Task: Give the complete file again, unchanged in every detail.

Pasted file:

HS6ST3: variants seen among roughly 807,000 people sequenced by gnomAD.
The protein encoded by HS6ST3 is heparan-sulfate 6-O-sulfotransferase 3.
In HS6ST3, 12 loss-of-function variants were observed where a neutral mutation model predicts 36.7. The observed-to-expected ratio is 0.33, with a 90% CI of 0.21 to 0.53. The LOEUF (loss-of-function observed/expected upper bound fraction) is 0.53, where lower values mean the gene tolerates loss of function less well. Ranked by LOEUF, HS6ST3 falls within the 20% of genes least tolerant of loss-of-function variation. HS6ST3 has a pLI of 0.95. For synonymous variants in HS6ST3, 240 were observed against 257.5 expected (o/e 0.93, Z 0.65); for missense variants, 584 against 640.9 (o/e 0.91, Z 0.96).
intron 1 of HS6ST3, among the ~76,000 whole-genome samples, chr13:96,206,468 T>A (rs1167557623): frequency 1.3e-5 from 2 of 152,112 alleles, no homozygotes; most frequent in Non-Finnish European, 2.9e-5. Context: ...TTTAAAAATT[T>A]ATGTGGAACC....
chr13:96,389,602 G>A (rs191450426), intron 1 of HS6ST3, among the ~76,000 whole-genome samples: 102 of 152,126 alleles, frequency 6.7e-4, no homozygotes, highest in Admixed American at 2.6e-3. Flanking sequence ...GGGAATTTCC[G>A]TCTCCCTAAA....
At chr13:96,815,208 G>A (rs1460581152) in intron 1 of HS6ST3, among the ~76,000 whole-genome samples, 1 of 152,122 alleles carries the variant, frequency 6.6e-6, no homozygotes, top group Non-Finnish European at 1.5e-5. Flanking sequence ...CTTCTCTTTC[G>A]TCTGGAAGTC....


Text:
HS6ST3: variants seen among roughly 807,000 people sequenced by gnomAD.
The protein encoded by HS6ST3 is heparan-sulfate 6-O-sulfotransferase 3.
In HS6ST3, 12 loss-of-function variants were observed where a neutral mutation model predicts 36.7. The observed-to-expected ratio is 0.33, with a 90% CI of 0.21 to 0.53. The LOEUF (loss-of-function observed/expected upper bound fraction) is 0.53, where lower values mean the gene tolerates loss of function less well. Ranked by LOEUF, HS6ST3 falls within the 20% of genes least tolerant of loss-of-function variation. HS6ST3 has a pLI of 0.95. For synonymous variants in HS6ST3, 240 were observed against 257.5 expected (o/e 0.93, Z 0.65); for missense variants, 584 against 640.9 (o/e 0.91, Z 0.96).
intron 1 of HS6ST3, among the ~76,000 whole-genome samples, chr13:96,206,468 T>A (rs1167557623): frequency 1.3e-5 from 2 of 152,112 alleles, no homozygotes; most frequent in Non-Finnish European, 2.9e-5. Context: ...TTTAAAAATT[T>A]ATGTGGAACC....
chr13:96,389,602 G>A (rs191450426), intron 1 of HS6ST3, among the ~76,000 whole-genome samples: 102 of 152,126 alleles, frequency 6.7e-4, no homozygotes, highest in Admixed American at 2.6e-3. Flanking sequence ...GGGAATTTCC[G>A]TCTCCCTAAA....
At chr13:96,815,208 G>A (rs1460581152) in intron 1 of HS6ST3, among the ~76,000 whole-genome samples, 1 of 152,122 alleles carries the variant, frequency 6.6e-6, no homozygotes, top group Non-Finnish European at 1.5e-5. Flanking sequence ...CTTCTCTTTC[G>A]TCTGGAAGTC....